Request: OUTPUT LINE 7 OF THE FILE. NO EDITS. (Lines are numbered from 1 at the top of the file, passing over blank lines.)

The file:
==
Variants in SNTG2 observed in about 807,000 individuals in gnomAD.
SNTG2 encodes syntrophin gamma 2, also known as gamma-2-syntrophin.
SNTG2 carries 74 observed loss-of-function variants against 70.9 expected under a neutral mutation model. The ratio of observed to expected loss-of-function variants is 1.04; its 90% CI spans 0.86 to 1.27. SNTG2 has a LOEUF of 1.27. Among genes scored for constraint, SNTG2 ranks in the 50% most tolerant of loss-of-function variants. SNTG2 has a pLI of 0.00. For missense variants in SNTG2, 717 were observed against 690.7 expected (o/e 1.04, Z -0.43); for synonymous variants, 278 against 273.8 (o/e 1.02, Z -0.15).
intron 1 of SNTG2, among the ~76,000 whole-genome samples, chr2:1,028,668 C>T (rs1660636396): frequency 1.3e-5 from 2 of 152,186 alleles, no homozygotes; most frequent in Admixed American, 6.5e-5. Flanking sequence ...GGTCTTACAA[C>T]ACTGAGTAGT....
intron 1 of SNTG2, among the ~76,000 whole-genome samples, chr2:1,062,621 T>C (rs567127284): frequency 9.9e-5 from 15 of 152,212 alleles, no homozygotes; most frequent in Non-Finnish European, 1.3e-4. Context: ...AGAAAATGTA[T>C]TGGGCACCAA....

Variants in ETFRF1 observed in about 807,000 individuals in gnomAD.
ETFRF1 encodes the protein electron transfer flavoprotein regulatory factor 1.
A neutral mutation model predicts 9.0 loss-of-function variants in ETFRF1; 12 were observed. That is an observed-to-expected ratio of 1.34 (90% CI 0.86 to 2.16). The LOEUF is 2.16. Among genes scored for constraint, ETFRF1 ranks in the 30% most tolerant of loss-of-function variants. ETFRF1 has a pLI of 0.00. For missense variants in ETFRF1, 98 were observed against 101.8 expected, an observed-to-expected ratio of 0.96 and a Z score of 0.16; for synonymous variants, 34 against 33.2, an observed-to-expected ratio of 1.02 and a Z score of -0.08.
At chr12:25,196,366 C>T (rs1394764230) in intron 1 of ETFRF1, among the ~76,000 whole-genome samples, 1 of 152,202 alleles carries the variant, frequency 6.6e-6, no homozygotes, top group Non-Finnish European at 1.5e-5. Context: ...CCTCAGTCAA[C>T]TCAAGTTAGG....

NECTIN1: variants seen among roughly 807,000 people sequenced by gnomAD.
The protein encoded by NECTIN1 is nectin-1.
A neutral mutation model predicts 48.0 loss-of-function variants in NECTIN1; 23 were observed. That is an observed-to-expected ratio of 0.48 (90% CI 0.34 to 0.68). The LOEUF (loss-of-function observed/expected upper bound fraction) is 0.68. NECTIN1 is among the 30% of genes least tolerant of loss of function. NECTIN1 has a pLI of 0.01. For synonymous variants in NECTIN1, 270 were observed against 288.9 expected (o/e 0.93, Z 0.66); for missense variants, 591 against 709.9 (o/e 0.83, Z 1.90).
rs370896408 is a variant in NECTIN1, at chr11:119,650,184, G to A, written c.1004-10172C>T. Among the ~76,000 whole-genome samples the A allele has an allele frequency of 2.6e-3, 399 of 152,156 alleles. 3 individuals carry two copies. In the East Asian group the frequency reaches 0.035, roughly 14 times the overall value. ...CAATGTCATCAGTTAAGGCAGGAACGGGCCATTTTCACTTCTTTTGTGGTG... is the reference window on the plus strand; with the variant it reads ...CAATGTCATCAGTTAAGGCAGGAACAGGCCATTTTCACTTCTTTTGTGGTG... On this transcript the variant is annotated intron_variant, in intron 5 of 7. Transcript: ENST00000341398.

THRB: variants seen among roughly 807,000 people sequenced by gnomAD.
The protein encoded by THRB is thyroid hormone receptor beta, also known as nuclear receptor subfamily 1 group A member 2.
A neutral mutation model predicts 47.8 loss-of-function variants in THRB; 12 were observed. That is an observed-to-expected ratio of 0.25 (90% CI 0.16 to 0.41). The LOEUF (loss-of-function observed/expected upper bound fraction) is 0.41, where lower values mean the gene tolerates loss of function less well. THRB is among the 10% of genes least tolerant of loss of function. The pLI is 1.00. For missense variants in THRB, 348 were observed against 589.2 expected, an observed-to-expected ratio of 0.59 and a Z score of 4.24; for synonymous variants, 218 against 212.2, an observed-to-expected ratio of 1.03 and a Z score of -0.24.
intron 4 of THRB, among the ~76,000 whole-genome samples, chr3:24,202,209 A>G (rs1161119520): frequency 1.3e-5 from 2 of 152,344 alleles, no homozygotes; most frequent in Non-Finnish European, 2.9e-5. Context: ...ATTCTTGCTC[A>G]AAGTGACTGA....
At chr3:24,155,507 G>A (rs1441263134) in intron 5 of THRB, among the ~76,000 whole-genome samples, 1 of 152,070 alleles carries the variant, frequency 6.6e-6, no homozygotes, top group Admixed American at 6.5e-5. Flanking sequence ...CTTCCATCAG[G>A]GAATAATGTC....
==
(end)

ETFRF1 encodes the protein electron transfer flavoprotein regulatory factor 1.